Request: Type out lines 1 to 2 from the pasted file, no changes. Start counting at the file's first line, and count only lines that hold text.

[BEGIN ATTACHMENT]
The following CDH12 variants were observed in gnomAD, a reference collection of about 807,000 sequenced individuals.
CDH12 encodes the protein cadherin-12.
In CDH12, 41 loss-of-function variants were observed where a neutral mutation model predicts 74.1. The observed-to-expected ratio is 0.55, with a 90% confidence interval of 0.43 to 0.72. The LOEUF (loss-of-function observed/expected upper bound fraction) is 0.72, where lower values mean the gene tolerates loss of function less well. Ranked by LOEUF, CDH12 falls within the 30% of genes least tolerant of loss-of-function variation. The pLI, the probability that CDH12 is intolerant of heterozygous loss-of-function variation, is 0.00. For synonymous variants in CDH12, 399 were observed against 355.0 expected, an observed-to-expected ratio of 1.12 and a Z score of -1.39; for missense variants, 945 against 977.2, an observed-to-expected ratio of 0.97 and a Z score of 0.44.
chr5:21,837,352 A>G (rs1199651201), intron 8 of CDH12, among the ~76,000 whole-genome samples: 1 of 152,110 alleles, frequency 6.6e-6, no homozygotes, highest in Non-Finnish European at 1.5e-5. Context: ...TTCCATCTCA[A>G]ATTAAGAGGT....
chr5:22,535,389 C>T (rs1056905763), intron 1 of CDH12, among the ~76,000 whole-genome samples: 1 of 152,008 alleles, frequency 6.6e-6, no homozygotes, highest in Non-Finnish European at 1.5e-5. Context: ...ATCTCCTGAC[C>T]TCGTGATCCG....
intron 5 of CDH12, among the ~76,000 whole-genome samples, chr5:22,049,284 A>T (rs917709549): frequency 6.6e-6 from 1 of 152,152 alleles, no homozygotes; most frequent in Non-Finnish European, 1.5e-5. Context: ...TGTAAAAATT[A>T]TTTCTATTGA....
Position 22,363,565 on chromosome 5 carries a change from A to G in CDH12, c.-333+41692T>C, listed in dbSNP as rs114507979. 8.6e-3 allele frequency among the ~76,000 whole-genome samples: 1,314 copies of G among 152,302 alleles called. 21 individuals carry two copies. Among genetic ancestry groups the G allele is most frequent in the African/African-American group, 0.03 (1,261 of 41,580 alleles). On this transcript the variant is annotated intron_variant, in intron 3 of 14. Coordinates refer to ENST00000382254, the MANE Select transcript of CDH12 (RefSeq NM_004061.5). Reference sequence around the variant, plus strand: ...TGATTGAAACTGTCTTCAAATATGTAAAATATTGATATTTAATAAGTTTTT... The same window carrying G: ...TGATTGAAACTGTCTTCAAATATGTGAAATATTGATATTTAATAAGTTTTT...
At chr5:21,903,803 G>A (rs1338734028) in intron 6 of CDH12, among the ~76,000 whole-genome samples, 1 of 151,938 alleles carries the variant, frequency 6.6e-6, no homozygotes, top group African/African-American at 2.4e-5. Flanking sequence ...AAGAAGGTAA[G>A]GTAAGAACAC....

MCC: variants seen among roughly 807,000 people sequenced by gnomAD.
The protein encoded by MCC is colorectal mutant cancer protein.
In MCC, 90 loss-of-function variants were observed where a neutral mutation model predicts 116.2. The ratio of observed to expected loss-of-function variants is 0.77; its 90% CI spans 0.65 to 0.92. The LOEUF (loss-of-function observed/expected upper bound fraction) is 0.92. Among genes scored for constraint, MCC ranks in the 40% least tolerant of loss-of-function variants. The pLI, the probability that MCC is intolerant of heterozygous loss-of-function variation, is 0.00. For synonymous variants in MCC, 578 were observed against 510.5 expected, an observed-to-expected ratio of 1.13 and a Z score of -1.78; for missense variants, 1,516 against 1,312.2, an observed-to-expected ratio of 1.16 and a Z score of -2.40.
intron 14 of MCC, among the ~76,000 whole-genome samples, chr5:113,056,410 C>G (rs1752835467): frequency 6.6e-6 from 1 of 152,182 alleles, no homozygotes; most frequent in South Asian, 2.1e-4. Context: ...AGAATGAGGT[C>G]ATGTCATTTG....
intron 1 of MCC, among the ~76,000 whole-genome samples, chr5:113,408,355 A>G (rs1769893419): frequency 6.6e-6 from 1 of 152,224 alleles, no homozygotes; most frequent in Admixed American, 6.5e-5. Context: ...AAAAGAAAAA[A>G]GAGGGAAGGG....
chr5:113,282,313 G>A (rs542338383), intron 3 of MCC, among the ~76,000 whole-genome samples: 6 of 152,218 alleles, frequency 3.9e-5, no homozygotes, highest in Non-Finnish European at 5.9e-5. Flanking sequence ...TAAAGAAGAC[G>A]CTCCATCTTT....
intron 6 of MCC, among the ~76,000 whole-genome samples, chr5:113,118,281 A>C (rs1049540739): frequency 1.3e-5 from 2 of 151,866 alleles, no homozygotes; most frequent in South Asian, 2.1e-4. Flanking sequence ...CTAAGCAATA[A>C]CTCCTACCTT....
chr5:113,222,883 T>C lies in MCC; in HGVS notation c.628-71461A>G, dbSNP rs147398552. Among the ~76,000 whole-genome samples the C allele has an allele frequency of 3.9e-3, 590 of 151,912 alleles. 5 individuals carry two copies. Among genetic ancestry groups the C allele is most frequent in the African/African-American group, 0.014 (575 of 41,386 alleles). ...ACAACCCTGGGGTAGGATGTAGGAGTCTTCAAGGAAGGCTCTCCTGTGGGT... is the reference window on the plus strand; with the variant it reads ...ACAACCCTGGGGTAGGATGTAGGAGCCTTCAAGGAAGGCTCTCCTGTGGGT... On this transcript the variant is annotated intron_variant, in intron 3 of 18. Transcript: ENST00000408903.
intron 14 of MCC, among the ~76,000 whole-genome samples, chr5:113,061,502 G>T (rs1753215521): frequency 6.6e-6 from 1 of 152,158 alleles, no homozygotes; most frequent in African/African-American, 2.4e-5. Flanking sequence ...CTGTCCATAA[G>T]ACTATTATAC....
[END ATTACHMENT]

The following CDH12 variants were observed in gnomAD, a reference collection of about 807,000 sequenced individuals.
CDH12 encodes the protein cadherin-12.